"The whole thing was modeled on PG&E ownership."
Local Power recommended the city get actual tidal data from the best spot and run the numbers again. "The ocean is the ultimate energy resource for San Francisco," said Fenn, who compared the challenge of constructing this kind of infrastructure to the Hoover Dam.
Newsom, who opposed Prop. H but still claims to support CCA, remains committed to tidal power. "Mayor Newsom supports advancing a tidal project at the mouth of the bay," his spokesperson, Joe Arellano, wrote in an e-mail.
The rollout of CCA is expected in 2010, when the city issues a request for proposals from companies interested in building or supplying energy. Several companies have already responded to a request for information. CCA is slated to include a 150 MW wind farm, 31 MW of solar, 103 MW of local distributed generation, and 107 MW of efficiency technologies. Funding would come from $1.2 billion in renewable energy bonds that have already been approved.
Local Power's report includes concrete actions the city can take, including a plan to finally make Hetch Hetchy power available to citizens, a recommendation that the wind farm be built in the Delta for easy access to the Transbay Cable a new 400 MW, 59-mile transmission line between Pittsburg and San Francisco that's scheduled to be completed in 2010 and urging the city to petition the California Public Utilities Commission (CPUC) for so-called public good charges collected from ratepayers that currently go to PG&E's energy efficiency programs.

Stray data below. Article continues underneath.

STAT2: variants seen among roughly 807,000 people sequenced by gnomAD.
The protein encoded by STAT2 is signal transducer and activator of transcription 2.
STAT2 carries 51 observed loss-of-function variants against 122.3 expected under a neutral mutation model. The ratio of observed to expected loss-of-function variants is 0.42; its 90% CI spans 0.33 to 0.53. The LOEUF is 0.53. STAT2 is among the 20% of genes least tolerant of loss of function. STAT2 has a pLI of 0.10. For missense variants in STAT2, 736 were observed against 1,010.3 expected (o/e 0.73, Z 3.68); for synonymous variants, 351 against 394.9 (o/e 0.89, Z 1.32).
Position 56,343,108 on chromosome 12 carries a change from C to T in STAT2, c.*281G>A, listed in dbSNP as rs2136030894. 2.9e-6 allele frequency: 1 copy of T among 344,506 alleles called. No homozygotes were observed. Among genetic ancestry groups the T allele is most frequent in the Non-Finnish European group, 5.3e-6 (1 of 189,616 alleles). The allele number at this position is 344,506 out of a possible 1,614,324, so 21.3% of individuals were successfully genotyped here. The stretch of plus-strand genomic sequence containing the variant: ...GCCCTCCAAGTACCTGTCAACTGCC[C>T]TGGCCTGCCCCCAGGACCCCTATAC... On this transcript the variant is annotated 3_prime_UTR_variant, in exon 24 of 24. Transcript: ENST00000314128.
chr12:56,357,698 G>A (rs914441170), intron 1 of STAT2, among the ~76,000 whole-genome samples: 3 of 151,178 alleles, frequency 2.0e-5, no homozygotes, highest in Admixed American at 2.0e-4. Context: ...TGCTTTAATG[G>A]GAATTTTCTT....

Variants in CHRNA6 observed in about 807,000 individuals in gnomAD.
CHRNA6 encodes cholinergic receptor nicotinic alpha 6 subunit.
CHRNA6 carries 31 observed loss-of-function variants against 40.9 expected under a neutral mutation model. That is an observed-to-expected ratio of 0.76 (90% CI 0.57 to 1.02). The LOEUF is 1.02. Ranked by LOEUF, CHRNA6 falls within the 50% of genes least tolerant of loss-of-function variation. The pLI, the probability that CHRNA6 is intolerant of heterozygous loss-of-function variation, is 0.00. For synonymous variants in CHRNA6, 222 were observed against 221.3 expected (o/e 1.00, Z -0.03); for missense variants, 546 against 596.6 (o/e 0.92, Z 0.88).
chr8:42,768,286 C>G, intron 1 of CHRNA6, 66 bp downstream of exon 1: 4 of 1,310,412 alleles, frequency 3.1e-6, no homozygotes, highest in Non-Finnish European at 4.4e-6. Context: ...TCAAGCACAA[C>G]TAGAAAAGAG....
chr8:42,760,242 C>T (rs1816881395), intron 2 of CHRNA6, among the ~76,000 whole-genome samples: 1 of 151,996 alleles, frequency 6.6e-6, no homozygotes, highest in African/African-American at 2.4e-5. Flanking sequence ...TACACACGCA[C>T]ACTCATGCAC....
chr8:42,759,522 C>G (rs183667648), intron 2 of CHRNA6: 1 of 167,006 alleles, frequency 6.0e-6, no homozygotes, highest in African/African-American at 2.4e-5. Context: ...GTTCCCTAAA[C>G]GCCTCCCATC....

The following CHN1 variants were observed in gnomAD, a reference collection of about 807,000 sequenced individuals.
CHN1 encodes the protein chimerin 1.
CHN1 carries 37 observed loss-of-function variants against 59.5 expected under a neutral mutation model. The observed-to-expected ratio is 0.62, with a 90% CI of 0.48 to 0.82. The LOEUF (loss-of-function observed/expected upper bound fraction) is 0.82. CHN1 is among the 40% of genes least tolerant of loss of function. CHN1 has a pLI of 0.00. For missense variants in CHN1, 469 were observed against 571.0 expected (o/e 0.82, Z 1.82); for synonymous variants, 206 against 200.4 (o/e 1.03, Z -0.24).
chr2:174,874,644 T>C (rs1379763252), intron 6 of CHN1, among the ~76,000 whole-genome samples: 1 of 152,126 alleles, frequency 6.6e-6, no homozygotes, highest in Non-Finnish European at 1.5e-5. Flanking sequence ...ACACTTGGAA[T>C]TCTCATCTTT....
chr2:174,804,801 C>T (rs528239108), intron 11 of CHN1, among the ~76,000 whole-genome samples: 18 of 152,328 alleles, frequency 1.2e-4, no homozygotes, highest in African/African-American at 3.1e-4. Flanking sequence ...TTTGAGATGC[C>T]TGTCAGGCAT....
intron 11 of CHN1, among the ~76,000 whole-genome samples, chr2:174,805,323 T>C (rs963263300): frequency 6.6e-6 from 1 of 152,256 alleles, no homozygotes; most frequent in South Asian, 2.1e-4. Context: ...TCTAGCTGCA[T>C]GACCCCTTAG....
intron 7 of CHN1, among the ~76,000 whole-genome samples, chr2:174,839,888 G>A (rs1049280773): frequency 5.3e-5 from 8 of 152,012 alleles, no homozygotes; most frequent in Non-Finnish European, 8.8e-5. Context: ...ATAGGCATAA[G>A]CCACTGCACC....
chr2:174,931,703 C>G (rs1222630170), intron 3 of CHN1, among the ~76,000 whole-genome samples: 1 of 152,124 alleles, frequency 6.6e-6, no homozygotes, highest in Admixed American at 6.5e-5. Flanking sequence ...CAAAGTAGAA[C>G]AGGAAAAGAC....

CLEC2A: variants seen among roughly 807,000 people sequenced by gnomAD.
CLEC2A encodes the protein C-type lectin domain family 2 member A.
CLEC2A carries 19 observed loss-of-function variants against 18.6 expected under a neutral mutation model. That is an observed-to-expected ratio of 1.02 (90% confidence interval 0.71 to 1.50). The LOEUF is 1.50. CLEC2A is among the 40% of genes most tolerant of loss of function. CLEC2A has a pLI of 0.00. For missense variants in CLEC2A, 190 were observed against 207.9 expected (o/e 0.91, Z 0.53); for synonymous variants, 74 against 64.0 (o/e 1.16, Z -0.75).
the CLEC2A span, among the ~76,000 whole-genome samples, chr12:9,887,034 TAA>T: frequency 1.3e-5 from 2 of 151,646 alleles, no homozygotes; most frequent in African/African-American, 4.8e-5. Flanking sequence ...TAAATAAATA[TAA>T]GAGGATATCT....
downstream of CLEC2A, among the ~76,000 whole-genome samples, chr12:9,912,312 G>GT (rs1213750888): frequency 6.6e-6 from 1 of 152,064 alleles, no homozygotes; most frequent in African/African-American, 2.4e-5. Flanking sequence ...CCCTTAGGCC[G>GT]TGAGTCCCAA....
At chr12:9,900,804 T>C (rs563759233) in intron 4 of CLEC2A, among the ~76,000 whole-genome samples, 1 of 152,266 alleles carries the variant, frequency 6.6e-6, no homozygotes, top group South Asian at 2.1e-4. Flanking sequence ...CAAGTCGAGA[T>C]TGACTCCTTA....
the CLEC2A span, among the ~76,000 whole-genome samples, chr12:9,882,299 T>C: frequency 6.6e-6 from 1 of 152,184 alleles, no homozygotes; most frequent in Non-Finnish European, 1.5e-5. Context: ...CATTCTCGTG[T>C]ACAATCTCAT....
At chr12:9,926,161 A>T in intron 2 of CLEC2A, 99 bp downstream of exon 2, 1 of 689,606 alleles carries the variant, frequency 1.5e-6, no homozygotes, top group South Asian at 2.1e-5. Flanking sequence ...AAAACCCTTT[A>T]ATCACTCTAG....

"We're trying to put ideas on the table for the RFPs," said Fenn, who stressed that the city should make it as easy as possible for CCA to get underway, a goal that will require a lot more cooperation between departments. For example, the report outlines several hindrances to getting renewable energy up and running, from permit hassles to delayed interconnections to PG&E's grid.
"Where we see problems in the city for permitting and zoning, we can seek to change them now," Fenn said.
That chance may come soon. The Land Use and Economic Development Committee is hearing legislation Nov. 12 to require conditional use permitting for all power plants greater than 10 MW. Though the legislation originally targeted the Mirant plant, the Planning Department, in its review of the draft legislation, suggested that all power plants be subject to the additional review. Sup. Aaron Peskin, who sponsored the legislation with Sup. Sophie Maxwell, suggested the change wasn't appropriate. "It just means more public process."
But, Fenn said, "To set standards based on pre-CCA era is at this point confusing. Like [Sup.] Ross [Mirkarimi] said, the CCA program should be the unifying principle of energy policy in San Francisco. Integrating all the pieces is indeed the entire secret of making all the parts perform better so that we can achieve the required meet-or-beat-PG&E-rates outcome."
Mirkarimi told us the program could obviate retrofitting Mirant or pursuing the peakers. "CCA still has not been taken seriously enough by the SFPUC or the Newsom administration."
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